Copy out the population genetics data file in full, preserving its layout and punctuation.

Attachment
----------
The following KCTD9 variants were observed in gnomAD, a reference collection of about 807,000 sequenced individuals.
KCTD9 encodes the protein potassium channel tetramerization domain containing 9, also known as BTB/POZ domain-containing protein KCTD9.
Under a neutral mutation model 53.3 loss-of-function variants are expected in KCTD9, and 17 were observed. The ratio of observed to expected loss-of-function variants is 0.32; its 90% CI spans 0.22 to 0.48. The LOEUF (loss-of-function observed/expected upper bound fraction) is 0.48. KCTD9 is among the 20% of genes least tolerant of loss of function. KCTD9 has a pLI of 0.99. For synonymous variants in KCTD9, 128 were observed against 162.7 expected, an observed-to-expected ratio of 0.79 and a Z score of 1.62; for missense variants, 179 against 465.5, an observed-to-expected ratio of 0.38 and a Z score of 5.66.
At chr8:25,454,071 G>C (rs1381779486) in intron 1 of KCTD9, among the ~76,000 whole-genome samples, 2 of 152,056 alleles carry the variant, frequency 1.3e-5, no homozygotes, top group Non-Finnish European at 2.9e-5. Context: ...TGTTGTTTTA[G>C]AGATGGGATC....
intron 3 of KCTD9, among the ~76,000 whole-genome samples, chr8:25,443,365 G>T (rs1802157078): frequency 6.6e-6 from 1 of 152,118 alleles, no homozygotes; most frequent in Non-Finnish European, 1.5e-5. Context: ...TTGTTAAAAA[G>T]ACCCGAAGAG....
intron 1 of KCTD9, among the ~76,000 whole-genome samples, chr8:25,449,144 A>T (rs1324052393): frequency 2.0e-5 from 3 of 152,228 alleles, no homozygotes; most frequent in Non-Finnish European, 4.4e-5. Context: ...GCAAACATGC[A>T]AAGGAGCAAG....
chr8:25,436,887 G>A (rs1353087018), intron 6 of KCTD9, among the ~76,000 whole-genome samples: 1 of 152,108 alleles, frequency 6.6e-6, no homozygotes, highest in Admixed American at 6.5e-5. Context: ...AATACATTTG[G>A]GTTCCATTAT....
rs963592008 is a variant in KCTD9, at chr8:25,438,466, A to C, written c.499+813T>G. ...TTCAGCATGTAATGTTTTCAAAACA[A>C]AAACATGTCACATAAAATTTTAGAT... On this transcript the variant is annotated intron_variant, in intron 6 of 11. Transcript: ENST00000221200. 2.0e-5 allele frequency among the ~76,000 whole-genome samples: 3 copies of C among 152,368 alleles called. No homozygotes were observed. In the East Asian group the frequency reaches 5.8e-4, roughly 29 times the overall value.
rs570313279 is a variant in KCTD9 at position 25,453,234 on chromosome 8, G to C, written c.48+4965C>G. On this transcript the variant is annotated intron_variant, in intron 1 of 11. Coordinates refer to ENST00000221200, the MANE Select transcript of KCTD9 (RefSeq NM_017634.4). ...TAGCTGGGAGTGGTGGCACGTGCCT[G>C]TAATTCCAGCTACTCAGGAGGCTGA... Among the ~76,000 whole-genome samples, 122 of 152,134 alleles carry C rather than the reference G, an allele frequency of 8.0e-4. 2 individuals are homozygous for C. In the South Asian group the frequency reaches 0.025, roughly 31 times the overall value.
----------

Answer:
The following KCTD9 variants were observed in gnomAD, a reference collection of about 807,000 sequenced individuals.
KCTD9 encodes the protein potassium channel tetramerization domain containing 9, also known as BTB/POZ domain-containing protein KCTD9.
Under a neutral mutation model 53.3 loss-of-function variants are expected in KCTD9, and 17 were observed. The ratio of observed to expected loss-of-function variants is 0.32; its 90% CI spans 0.22 to 0.48. The LOEUF (loss-of-function observed/expected upper bound fraction) is 0.48. KCTD9 is among the 20% of genes least tolerant of loss of function. KCTD9 has a pLI of 0.99. For synonymous variants in KCTD9, 128 were observed against 162.7 expected, an observed-to-expected ratio of 0.79 and a Z score of 1.62; for missense variants, 179 against 465.5, an observed-to-expected ratio of 0.38 and a Z score of 5.66.
At chr8:25,454,071 G>C (rs1381779486) in intron 1 of KCTD9, among the ~76,000 whole-genome samples, 2 of 152,056 alleles carry the variant, frequency 1.3e-5, no homozygotes, top group Non-Finnish European at 2.9e-5. Context: ...TGTTGTTTTA[G>C]AGATGGGATC....
intron 3 of KCTD9, among the ~76,000 whole-genome samples, chr8:25,443,365 G>T (rs1802157078): frequency 6.6e-6 from 1 of 152,118 alleles, no homozygotes; most frequent in Non-Finnish European, 1.5e-5. Context: ...TTGTTAAAAA[G>T]ACCCGAAGAG....
intron 1 of KCTD9, among the ~76,000 whole-genome samples, chr8:25,449,144 A>T (rs1324052393): frequency 2.0e-5 from 3 of 152,228 alleles, no homozygotes; most frequent in Non-Finnish European, 4.4e-5. Context: ...GCAAACATGC[A>T]AAGGAGCAAG....
chr8:25,436,887 G>A (rs1353087018), intron 6 of KCTD9, among the ~76,000 whole-genome samples: 1 of 152,108 alleles, frequency 6.6e-6, no homozygotes, highest in Admixed American at 6.5e-5. Context: ...AATACATTTG[G>A]GTTCCATTAT....
rs963592008 is a variant in KCTD9, at chr8:25,438,466, A to C, written c.499+813T>G. ...TTCAGCATGTAATGTTTTCAAAACA[A>C]AAACATGTCACATAAAATTTTAGAT... On this transcript the variant is annotated intron_variant, in intron 6 of 11. Transcript: ENST00000221200. 2.0e-5 allele frequency among the ~76,000 whole-genome samples: 3 copies of C among 152,368 alleles called. No homozygotes were observed. In the East Asian group the frequency reaches 5.8e-4, roughly 29 times the overall value.
rs570313279 is a variant in KCTD9 at position 25,453,234 on chromosome 8, G to C, written c.48+4965C>G. On this transcript the variant is annotated intron_variant, in intron 1 of 11. Coordinates refer to ENST00000221200, the MANE Select transcript of KCTD9 (RefSeq NM_017634.4). ...TAGCTGGGAGTGGTGGCACGTGCCT[G>C]TAATTCCAGCTACTCAGGAGGCTGA... Among the ~76,000 whole-genome samples, 122 of 152,134 alleles carry C rather than the reference G, an allele frequency of 8.0e-4. 2 individuals are homozygous for C. In the South Asian group the frequency reaches 0.025, roughly 31 times the overall value.